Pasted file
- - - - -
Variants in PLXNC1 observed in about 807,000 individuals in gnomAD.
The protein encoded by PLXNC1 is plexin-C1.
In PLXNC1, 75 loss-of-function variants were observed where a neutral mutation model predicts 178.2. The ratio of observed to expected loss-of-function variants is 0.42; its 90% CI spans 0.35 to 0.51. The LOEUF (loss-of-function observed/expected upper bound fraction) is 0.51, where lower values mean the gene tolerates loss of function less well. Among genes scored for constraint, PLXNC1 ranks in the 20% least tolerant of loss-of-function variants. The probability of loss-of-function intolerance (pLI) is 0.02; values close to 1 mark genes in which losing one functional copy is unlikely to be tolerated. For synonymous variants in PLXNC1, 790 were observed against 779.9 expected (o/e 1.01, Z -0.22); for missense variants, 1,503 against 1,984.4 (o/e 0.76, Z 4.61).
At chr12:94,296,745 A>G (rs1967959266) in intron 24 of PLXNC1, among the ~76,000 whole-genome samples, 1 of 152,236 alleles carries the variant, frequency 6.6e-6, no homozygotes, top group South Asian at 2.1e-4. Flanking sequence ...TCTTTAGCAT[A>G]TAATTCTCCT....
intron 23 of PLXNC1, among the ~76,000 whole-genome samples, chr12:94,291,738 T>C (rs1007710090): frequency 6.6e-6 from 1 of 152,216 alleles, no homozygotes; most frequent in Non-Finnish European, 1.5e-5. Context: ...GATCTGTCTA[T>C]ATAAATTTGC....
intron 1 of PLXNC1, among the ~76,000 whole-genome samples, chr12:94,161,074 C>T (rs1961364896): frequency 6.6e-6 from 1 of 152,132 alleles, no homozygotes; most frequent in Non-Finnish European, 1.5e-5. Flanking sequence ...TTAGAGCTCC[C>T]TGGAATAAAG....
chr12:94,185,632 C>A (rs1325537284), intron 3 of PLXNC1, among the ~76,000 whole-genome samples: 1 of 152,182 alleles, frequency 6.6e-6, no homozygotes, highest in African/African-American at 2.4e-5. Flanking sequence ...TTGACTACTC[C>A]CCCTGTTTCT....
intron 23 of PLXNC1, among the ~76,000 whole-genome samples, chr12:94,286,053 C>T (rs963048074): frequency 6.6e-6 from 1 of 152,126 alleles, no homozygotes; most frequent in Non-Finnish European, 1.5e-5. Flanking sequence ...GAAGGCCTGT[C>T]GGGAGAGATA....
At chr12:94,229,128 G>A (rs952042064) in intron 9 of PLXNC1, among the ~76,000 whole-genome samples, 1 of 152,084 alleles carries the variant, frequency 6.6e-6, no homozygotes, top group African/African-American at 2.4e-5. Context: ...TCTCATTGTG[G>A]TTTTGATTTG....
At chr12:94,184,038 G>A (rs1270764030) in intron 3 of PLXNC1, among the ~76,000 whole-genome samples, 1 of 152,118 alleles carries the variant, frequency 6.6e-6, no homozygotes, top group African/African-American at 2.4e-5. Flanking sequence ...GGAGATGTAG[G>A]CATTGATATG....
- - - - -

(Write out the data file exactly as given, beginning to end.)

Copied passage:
Variants in PLXNC1 observed in about 807,000 individuals in gnomAD.
The protein encoded by PLXNC1 is plexin-C1.
In PLXNC1, 75 loss-of-function variants were observed where a neutral mutation model predicts 178.2. The ratio of observed to expected loss-of-function variants is 0.42; its 90% CI spans 0.35 to 0.51. The LOEUF (loss-of-function observed/expected upper bound fraction) is 0.51, where lower values mean the gene tolerates loss of function less well. Among genes scored for constraint, PLXNC1 ranks in the 20% least tolerant of loss-of-function variants. The probability of loss-of-function intolerance (pLI) is 0.02; values close to 1 mark genes in which losing one functional copy is unlikely to be tolerated. For synonymous variants in PLXNC1, 790 were observed against 779.9 expected (o/e 1.01, Z -0.22); for missense variants, 1,503 against 1,984.4 (o/e 0.76, Z 4.61).
At chr12:94,296,745 A>G (rs1967959266) in intron 24 of PLXNC1, among the ~76,000 whole-genome samples, 1 of 152,236 alleles carries the variant, frequency 6.6e-6, no homozygotes, top group South Asian at 2.1e-4. Flanking sequence ...TCTTTAGCAT[A>G]TAATTCTCCT....
intron 23 of PLXNC1, among the ~76,000 whole-genome samples, chr12:94,291,738 T>C (rs1007710090): frequency 6.6e-6 from 1 of 152,216 alleles, no homozygotes; most frequent in Non-Finnish European, 1.5e-5. Context: ...GATCTGTCTA[T>C]ATAAATTTGC....
intron 1 of PLXNC1, among the ~76,000 whole-genome samples, chr12:94,161,074 C>T (rs1961364896): frequency 6.6e-6 from 1 of 152,132 alleles, no homozygotes; most frequent in Non-Finnish European, 1.5e-5. Flanking sequence ...TTAGAGCTCC[C>T]TGGAATAAAG....
chr12:94,185,632 C>A (rs1325537284), intron 3 of PLXNC1, among the ~76,000 whole-genome samples: 1 of 152,182 alleles, frequency 6.6e-6, no homozygotes, highest in African/African-American at 2.4e-5. Flanking sequence ...TTGACTACTC[C>A]CCCTGTTTCT....
intron 23 of PLXNC1, among the ~76,000 whole-genome samples, chr12:94,286,053 C>T (rs963048074): frequency 6.6e-6 from 1 of 152,126 alleles, no homozygotes; most frequent in Non-Finnish European, 1.5e-5. Flanking sequence ...GAAGGCCTGT[C>T]GGGAGAGATA....
At chr12:94,229,128 G>A (rs952042064) in intron 9 of PLXNC1, among the ~76,000 whole-genome samples, 1 of 152,084 alleles carries the variant, frequency 6.6e-6, no homozygotes, top group African/African-American at 2.4e-5. Context: ...TCTCATTGTG[G>A]TTTTGATTTG....
At chr12:94,184,038 G>A (rs1270764030) in intron 3 of PLXNC1, among the ~76,000 whole-genome samples, 1 of 152,118 alleles carries the variant, frequency 6.6e-6, no homozygotes, top group African/African-American at 2.4e-5. Flanking sequence ...GGAGATGTAG[G>A]CATTGATATG....